I had the opportunity to do a short interview with this piano prodigy. She is not only a wonderful musician, but a lovely person.
How long have you been playing piano?
I've been playing for eight years. I started when I was four years old.
How much did you practice then, and how much do you practice now?
I can't remember too well, but I probably did about one hour per day. Now I practice between three to six hours per day depending on where I'm at and what I'm doing.
Do you go to public or private school, or are you home-schooled?
I've actually done all of them! This year I've been home-schooled, which is nice because you get a lot done!
Who have your piano teachers been? How long did you study with each of them?
I studied with my pre-school teacher for about two years. Then I moved to two other teachers - the Akimoto sisters. For the last two years, I have been studying with Dr. John Perry in Orange County, California.
Tell me about what it's been like to be in the public eye. You've experienced more public recognition than almost any pianist your age. What was it like to appear on the Ellen show?
I was eight years old. It was pretty exciting!
Was she nice to you when the cameras were off?
I didn't actually meet her when the cameras were off because she was really busy, but it was a really fun experience.
Was that the scariest thing you've ever done, or are concerts and competitions more nerve-wracking for you?
Competitions are the most nerve-wracking for me, because you're competing with other people.
What competitions have you done, and what countries have you performed in?
I've competed in a competition in Budapest, the Chopin International Competition, and a competition in Connecticut. I've done concerts in China, Germany, Poland, Italy, Latvia, Japan, Panama, and the United States.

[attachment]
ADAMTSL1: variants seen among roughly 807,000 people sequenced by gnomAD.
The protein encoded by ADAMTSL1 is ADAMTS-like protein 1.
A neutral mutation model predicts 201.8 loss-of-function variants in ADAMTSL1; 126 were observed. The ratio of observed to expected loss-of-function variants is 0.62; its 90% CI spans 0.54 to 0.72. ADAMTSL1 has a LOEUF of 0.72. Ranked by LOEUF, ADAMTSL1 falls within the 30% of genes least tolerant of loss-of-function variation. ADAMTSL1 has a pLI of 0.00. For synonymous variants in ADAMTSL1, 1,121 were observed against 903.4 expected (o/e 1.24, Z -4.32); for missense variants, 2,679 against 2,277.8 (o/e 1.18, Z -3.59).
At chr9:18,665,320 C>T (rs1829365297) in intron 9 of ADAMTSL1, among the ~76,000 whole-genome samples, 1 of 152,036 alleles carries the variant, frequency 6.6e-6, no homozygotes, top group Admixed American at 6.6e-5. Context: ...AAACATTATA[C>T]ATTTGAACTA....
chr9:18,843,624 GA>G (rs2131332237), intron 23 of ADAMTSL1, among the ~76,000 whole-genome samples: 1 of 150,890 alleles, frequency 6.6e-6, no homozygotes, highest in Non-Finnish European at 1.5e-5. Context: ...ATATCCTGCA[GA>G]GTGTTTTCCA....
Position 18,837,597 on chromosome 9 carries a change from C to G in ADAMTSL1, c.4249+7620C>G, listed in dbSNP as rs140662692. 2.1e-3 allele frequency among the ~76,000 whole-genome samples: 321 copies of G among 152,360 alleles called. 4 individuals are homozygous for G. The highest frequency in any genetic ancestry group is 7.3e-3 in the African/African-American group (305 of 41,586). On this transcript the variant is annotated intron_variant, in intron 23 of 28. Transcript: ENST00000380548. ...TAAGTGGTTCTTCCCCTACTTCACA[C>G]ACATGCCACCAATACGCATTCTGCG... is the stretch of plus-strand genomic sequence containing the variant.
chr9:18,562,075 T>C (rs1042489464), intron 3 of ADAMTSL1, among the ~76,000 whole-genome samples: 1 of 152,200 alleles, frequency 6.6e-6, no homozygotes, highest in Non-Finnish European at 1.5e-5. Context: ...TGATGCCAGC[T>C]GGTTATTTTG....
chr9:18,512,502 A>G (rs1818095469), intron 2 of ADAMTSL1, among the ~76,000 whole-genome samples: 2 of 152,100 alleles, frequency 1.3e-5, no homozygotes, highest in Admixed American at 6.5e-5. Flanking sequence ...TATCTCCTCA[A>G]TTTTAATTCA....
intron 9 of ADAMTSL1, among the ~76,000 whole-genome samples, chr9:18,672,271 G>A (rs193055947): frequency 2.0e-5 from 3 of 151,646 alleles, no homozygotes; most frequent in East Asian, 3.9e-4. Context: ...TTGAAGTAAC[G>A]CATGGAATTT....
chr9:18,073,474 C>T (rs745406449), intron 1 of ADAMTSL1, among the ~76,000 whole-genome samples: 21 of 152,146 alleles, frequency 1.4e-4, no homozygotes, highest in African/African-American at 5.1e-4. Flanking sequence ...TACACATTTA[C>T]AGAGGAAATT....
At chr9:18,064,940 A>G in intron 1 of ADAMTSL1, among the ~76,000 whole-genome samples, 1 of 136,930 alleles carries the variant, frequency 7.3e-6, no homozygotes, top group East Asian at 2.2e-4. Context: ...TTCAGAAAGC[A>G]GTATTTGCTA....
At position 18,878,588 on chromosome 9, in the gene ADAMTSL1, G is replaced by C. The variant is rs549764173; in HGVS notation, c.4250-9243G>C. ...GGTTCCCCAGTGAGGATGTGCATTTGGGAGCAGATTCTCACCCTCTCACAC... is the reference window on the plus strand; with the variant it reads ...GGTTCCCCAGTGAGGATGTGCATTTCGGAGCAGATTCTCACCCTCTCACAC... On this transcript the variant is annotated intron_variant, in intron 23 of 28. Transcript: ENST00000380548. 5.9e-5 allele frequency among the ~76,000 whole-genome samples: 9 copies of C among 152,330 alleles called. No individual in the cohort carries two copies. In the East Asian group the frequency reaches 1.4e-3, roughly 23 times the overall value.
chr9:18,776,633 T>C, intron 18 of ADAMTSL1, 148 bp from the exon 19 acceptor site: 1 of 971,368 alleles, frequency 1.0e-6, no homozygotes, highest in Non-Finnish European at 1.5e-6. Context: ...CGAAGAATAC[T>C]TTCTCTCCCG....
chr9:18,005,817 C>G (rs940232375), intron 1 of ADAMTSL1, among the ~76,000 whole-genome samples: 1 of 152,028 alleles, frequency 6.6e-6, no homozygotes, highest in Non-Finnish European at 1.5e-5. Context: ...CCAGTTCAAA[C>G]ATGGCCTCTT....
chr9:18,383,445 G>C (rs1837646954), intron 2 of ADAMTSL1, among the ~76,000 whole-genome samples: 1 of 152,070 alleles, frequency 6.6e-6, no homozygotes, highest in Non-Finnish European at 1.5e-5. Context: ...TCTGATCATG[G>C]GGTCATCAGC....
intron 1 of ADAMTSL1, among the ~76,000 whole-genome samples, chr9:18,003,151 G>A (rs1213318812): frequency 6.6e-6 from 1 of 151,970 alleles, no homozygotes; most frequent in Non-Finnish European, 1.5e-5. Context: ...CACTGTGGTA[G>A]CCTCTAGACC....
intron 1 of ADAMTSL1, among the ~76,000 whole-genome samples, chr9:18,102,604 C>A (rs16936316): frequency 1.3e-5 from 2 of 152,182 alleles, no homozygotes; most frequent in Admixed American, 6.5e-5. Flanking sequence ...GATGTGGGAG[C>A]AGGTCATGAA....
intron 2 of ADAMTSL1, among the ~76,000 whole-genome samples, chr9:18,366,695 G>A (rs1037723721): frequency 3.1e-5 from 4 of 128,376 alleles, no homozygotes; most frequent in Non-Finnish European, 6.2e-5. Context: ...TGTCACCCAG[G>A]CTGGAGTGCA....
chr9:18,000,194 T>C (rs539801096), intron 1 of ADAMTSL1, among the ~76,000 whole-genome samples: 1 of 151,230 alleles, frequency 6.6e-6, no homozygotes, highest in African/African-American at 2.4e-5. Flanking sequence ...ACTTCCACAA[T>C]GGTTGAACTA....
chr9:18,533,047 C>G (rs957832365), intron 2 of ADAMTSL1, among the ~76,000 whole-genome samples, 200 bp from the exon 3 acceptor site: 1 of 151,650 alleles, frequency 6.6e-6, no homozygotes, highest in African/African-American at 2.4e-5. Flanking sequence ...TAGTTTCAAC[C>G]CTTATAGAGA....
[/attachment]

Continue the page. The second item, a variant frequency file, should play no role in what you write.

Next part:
What was your favorite country to perform in?
I really like all of the European countries I have performed in.
Who is your favorite composer?
Have you done any special performances that you'd like to tell us about?
I went to Japan and did benefit concerts for the tsunami relief. I was able to go into the elementary schools and play for all of the kids.
What are your career goals?
I'd like to be a really good pianist who can help people. I want to do the best I can in everything I do.
Do you want to teach? Have you ever taught any lessons before?
I might want to teach. I think it would be fun. One time I tried teaching my best friend's little brothers and sisters, but it only lasted for two minutes!
How do you stay motivated as a young pianist?
I just love it so much. It's kind of like eating and sleeping for me. It's something I want to do every day. I like it so I never get tired of it.
What advice would you give to other young pianists to help them stay motivated?
Find something you like about the piano, and just have fun! Piano is about helping people enjoy themselves and the music.
Thank you so much to Umi for a wonderful interview and for being such an inspiring young pianist! Below is a video of a compilation of some of her performances and interviews.